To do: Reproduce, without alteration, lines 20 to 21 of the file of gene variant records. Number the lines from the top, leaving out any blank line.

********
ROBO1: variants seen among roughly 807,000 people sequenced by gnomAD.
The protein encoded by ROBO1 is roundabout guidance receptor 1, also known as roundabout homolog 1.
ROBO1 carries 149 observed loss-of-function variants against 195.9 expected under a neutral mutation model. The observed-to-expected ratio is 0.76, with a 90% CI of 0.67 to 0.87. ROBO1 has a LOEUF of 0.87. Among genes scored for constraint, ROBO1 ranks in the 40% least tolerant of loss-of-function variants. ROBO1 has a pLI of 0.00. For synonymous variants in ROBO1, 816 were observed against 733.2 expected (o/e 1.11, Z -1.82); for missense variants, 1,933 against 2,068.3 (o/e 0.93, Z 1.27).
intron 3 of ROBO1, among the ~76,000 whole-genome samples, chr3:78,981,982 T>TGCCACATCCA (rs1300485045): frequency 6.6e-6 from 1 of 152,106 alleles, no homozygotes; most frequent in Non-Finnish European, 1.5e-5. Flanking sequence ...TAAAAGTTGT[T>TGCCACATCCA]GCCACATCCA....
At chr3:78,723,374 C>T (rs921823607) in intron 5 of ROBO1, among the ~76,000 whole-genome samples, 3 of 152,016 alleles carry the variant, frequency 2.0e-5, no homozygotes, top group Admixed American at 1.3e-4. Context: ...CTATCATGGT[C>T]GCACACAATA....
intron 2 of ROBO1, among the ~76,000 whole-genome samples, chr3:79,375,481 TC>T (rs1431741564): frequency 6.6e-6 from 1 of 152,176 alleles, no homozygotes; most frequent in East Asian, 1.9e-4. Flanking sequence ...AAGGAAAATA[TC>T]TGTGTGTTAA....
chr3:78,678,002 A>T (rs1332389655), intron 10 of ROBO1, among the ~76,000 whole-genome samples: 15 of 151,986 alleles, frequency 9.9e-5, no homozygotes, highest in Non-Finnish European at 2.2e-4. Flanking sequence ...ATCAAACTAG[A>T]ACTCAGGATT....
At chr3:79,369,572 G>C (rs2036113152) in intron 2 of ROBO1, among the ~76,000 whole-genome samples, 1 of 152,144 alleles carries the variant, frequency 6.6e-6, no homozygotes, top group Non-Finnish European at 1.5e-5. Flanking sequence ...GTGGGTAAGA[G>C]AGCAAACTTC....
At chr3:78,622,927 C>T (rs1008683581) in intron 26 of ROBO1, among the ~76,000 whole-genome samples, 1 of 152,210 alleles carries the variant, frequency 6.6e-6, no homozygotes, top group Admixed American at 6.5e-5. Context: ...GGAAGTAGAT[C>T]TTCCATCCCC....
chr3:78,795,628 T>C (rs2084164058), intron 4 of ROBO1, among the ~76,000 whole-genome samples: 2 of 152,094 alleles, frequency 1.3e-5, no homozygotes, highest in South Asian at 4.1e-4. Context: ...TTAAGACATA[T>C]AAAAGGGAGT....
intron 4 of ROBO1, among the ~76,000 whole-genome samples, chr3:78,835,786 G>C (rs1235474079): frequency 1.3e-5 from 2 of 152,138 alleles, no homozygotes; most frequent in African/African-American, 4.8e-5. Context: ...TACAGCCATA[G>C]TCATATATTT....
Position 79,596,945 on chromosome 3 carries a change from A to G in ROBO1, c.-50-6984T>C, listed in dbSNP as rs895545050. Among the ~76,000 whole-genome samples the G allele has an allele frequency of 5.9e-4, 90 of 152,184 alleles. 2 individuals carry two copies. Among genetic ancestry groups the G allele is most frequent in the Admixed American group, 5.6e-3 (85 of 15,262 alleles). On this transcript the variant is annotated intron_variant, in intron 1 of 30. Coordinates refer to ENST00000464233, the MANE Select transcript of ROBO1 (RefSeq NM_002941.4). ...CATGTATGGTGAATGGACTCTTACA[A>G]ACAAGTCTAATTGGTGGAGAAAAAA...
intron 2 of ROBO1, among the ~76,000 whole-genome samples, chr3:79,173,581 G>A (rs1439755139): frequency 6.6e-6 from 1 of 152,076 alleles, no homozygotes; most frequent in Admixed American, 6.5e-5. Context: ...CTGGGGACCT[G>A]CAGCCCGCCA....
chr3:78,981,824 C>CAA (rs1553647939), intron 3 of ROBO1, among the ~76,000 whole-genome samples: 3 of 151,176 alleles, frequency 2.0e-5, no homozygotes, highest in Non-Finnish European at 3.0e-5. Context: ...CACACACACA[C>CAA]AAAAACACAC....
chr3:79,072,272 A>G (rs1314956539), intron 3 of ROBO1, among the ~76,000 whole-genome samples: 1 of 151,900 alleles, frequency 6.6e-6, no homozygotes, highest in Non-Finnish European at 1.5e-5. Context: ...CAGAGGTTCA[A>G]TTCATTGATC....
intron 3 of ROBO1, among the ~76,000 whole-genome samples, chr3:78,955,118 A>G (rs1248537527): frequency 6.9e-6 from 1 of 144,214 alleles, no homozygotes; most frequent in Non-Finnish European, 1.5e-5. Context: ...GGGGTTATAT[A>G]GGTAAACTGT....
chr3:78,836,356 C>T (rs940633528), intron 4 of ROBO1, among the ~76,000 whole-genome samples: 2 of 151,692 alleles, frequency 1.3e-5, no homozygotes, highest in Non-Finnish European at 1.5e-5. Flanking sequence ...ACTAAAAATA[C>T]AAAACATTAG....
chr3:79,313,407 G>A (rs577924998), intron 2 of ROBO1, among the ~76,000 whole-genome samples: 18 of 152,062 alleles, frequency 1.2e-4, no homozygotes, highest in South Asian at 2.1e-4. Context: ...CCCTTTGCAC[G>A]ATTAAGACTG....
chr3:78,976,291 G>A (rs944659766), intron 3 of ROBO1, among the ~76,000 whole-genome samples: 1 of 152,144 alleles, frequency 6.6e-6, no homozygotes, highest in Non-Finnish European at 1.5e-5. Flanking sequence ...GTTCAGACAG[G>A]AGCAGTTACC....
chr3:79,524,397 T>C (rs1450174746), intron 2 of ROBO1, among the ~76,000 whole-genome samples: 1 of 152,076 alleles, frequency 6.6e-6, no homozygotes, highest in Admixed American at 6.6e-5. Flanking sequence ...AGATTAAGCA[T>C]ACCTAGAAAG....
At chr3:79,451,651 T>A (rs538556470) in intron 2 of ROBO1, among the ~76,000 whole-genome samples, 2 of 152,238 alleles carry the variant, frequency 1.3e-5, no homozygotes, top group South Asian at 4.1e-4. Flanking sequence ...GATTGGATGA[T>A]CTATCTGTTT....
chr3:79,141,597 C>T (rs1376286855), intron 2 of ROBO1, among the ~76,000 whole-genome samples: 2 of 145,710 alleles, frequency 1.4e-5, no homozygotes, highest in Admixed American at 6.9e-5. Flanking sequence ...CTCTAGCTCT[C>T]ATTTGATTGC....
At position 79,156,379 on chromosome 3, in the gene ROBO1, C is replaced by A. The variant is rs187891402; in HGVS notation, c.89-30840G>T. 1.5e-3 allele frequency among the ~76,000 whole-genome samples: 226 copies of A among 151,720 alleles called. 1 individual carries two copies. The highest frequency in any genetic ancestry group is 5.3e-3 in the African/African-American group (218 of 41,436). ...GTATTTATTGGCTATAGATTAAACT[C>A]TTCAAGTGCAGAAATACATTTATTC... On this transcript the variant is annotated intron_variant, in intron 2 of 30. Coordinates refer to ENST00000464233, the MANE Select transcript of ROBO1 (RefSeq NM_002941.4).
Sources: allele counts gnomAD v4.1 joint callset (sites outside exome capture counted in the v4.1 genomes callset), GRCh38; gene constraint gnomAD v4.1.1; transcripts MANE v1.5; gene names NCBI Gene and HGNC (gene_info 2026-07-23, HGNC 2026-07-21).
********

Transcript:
chr3:79,524,397 T>C (rs1450174746), intron 2 of ROBO1, among the ~76,000 whole-genome samples: 1 of 152,076 alleles, frequency 6.6e-6, no homozygotes, highest in Admixed American at 6.6e-5. Flanking sequence ...AGATTAAGCA[T>C]ACCTAGAAAG....
At chr3:79,451,651 T>A (rs538556470) in intron 2 of ROBO1, among the ~76,000 whole-genome samples, 2 of 152,238 alleles carry the variant, frequency 1.3e-5, no homozygotes, top group South Asian at 4.1e-4. Flanking sequence ...GATTGGATGA[T>A]CTATCTGTTT....